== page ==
Watching your weight

Though the automation system is typically only a small part of the total weight of an offshore platform, we all know every little bit of weight reduction counts.

Digital technologies lighten offshore load, enhance HSE, and cut costs

Ian Verhappen
Industrial Automation Networks Inc.

Though the automation system is typically only a small part of the total weight of an offshore platform, we all know every little bit of weight reduction counts. So how can end users take steps to reduce both the footprint and weight of the control system on a platform? The answer should be no surprise: digital technologies.

Fortunately, most transmitters used today are all "smart" in one way or another, and support some form of digital communication. One of the enhancements possible through digital communication is the ability to share status and diagnostic information useful for improved maintenance of the devices. By effectively using this diagnostic information and integrating with an asset management and enterprise resource planning (ERP) system, it is possible to optimally manage maintenance scheduling and staffing. As a result, exposure hours are reduced, with a commensurate impact on an operator's health, safety, and environmental program. As we will see below, there are additional environmental returns from digital technologies.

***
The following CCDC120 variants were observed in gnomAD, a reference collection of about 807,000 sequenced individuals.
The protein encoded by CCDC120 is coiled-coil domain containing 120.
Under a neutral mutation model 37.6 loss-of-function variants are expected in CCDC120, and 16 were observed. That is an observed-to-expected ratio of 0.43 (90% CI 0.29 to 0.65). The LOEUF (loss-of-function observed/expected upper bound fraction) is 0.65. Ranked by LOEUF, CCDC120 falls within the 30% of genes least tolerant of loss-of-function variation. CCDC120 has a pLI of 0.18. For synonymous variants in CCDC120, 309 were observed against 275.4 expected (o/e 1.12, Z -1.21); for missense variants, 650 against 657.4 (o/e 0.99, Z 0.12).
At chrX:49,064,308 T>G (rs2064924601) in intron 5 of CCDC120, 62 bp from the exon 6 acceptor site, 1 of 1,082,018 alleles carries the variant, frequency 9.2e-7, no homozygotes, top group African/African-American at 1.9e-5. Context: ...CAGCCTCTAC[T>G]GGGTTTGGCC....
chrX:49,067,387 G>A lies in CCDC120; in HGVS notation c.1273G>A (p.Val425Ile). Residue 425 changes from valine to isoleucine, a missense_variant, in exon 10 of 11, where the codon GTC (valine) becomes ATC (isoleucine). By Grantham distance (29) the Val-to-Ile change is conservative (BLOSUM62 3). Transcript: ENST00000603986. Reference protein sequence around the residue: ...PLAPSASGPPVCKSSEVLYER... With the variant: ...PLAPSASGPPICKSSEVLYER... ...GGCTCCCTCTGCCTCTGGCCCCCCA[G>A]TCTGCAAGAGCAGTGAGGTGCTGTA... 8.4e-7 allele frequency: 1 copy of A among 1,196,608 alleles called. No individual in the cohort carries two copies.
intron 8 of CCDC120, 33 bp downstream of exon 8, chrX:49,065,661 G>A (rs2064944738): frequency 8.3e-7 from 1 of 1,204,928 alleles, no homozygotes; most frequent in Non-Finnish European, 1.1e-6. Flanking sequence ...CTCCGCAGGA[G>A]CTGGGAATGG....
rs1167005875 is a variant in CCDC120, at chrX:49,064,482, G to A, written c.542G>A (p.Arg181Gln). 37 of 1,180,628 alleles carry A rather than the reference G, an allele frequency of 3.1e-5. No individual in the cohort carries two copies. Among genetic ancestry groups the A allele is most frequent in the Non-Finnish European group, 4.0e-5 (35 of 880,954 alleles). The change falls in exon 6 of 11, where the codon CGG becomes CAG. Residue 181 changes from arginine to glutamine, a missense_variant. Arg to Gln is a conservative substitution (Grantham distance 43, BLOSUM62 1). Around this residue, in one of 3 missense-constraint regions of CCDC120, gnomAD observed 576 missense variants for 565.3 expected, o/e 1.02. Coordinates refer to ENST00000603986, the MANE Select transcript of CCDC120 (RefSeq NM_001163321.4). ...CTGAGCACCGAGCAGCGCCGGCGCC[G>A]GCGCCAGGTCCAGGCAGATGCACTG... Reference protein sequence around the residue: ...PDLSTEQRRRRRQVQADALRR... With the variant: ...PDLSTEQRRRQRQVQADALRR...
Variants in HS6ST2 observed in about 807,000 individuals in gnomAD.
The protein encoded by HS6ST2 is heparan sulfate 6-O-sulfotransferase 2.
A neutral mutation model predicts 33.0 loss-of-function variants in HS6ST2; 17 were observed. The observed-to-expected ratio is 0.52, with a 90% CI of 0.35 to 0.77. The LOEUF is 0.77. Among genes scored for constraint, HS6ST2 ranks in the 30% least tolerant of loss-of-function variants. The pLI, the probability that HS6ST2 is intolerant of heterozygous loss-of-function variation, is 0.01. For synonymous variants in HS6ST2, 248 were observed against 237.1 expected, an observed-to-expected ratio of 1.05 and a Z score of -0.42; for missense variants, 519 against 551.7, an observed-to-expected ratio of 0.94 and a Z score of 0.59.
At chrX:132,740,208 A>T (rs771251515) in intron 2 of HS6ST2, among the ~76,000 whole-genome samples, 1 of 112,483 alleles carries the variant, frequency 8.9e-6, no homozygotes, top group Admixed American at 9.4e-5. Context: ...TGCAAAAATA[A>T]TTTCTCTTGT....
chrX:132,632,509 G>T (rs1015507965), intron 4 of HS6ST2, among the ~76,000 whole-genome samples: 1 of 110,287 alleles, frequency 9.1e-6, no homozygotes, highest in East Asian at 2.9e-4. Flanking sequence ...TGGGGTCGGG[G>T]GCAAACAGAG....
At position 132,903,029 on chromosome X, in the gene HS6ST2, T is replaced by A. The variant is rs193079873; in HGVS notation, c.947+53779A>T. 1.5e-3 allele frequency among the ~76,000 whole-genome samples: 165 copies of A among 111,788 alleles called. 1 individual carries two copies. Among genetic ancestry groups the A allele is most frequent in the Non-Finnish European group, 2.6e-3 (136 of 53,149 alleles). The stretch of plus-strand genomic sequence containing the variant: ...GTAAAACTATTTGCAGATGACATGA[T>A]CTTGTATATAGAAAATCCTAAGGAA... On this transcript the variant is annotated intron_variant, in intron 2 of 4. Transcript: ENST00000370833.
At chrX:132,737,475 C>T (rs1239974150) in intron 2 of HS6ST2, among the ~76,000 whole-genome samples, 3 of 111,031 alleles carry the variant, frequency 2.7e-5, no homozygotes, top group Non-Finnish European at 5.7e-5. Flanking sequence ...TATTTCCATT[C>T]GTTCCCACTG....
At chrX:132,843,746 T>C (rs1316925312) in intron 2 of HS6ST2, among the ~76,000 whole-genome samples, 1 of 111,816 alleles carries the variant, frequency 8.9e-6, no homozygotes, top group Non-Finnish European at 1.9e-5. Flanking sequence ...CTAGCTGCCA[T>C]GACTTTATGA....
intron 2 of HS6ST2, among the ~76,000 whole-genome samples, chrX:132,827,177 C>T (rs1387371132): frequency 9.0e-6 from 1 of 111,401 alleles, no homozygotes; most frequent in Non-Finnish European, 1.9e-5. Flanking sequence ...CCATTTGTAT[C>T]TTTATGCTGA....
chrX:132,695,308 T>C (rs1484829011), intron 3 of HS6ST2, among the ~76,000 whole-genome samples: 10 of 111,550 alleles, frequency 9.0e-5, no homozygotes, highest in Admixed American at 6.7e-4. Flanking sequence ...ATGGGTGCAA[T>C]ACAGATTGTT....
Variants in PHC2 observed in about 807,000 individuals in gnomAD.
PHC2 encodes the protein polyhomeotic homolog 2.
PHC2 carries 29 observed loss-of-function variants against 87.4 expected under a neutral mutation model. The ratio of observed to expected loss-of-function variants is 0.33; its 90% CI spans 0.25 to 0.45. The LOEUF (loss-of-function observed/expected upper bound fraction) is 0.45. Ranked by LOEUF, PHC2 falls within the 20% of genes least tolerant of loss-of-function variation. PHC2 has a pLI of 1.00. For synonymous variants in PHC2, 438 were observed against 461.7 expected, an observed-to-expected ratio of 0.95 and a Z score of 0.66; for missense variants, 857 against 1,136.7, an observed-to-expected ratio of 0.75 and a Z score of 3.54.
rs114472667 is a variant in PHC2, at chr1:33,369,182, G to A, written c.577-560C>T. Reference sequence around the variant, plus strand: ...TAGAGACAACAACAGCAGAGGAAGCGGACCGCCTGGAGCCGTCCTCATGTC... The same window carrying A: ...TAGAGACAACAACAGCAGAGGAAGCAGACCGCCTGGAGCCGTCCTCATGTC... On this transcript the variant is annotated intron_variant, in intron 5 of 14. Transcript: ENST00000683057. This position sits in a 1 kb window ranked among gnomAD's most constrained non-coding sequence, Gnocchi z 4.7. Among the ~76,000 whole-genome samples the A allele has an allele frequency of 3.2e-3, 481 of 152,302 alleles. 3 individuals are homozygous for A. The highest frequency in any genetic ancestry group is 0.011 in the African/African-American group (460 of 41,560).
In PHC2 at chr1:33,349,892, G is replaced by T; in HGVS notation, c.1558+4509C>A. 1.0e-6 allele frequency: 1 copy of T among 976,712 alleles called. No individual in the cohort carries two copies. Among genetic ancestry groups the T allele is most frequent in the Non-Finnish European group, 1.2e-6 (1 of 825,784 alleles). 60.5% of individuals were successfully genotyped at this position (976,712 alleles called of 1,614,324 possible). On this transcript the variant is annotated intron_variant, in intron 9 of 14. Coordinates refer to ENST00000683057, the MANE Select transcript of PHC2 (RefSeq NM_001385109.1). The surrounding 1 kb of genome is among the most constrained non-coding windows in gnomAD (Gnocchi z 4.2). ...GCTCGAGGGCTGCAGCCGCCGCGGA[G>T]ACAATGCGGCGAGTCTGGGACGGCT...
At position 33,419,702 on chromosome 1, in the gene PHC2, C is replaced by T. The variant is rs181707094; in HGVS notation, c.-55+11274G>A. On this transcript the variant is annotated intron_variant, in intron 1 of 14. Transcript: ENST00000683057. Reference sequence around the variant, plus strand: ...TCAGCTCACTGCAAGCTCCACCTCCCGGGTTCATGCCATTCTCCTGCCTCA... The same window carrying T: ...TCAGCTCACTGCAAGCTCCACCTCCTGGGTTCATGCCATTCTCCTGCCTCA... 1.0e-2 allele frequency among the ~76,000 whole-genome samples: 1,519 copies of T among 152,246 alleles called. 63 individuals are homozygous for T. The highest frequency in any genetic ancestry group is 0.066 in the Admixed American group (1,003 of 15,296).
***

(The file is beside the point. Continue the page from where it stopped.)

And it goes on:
Though not commonly used, smart transmitters are also able to communicate more than a single variable back to the control system. Pressure measurement in its various forms is the basis for as much as 80% of the input signals in a typical facility. All pressure measurements are in reality differential pressure signals; therefore, it is possible to use a differential pressure meter to measure both the flow and the bulk line pressure to calculate a pressure-compensated flow, or a vortex meter having integral thermocouple to provide a temperature-compensated flow. In both cases, the accuracy of the measurement increases, enabling tighter control of the process. There are also integrated differential pressure meters with the orifice directly connected to the pressure sensors, and a vortex meter with embedded pressure and temperature compensation sensors allowing the calculation of mass flow of vapor or steam from one device, at a much lower cost than a Coriolis meter.

We are now able to obtain additional information from a single transmitter. In the above differential pressure transmitter example, we no longer need to purchase and install a second device to inform us of the line pressure. We can also use the temperature measurement integrated in every smart meter's electronics to tell us the ambient temperature in a weatherproof enclosure. Each device that can be removed from the work scope means fewer hours to design the necessary process connection, instrument specification and loop drawing, as well as the electrical work to connect it back to the control system. The net result is one less process connection, one less device, one less cable run, and one less input-output (I/O) termination, which all adds up to fewer design engineering hours. More importantly, it means less weight and fewer components on board, which should also increase overall reliability.